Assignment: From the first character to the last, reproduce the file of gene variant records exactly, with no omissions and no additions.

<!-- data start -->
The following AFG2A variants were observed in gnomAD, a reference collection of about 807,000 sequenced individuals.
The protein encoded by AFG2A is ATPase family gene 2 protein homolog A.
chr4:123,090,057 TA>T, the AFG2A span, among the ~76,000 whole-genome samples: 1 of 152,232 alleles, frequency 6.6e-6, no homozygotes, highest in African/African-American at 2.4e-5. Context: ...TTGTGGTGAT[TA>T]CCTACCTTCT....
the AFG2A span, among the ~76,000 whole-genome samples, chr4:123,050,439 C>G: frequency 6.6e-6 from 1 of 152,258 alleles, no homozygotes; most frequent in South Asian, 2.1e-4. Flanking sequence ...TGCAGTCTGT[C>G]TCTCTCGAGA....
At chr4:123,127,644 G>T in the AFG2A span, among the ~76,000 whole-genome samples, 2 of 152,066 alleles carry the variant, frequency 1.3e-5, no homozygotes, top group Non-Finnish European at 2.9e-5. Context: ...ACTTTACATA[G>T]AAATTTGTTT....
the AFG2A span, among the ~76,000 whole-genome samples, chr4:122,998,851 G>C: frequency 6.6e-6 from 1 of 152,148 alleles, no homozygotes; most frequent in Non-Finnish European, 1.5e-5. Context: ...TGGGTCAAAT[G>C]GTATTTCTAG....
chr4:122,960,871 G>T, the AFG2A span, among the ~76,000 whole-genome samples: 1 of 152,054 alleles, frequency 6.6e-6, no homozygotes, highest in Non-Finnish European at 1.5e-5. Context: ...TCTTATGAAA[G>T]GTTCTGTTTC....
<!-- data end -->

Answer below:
The following AFG2A variants were observed in gnomAD, a reference collection of about 807,000 sequenced individuals.
The protein encoded by AFG2A is ATPase family gene 2 protein homolog A.
chr4:123,090,057 TA>T, the AFG2A span, among the ~76,000 whole-genome samples: 1 of 152,232 alleles, frequency 6.6e-6, no homozygotes, highest in African/African-American at 2.4e-5. Context: ...TTGTGGTGAT[TA>T]CCTACCTTCT....
the AFG2A span, among the ~76,000 whole-genome samples, chr4:123,050,439 C>G: frequency 6.6e-6 from 1 of 152,258 alleles, no homozygotes; most frequent in South Asian, 2.1e-4. Flanking sequence ...TGCAGTCTGT[C>G]TCTCTCGAGA....
At chr4:123,127,644 G>T in the AFG2A span, among the ~76,000 whole-genome samples, 2 of 152,066 alleles carry the variant, frequency 1.3e-5, no homozygotes, top group Non-Finnish European at 2.9e-5. Context: ...ACTTTACATA[G>T]AAATTTGTTT....
the AFG2A span, among the ~76,000 whole-genome samples, chr4:122,998,851 G>C: frequency 6.6e-6 from 1 of 152,148 alleles, no homozygotes; most frequent in Non-Finnish European, 1.5e-5. Context: ...TGGGTCAAAT[G>C]GTATTTCTAG....
chr4:122,960,871 G>T, the AFG2A span, among the ~76,000 whole-genome samples: 1 of 152,054 alleles, frequency 6.6e-6, no homozygotes, highest in Non-Finnish European at 1.5e-5. Context: ...TCTTATGAAA[G>T]GTTCTGTTTC....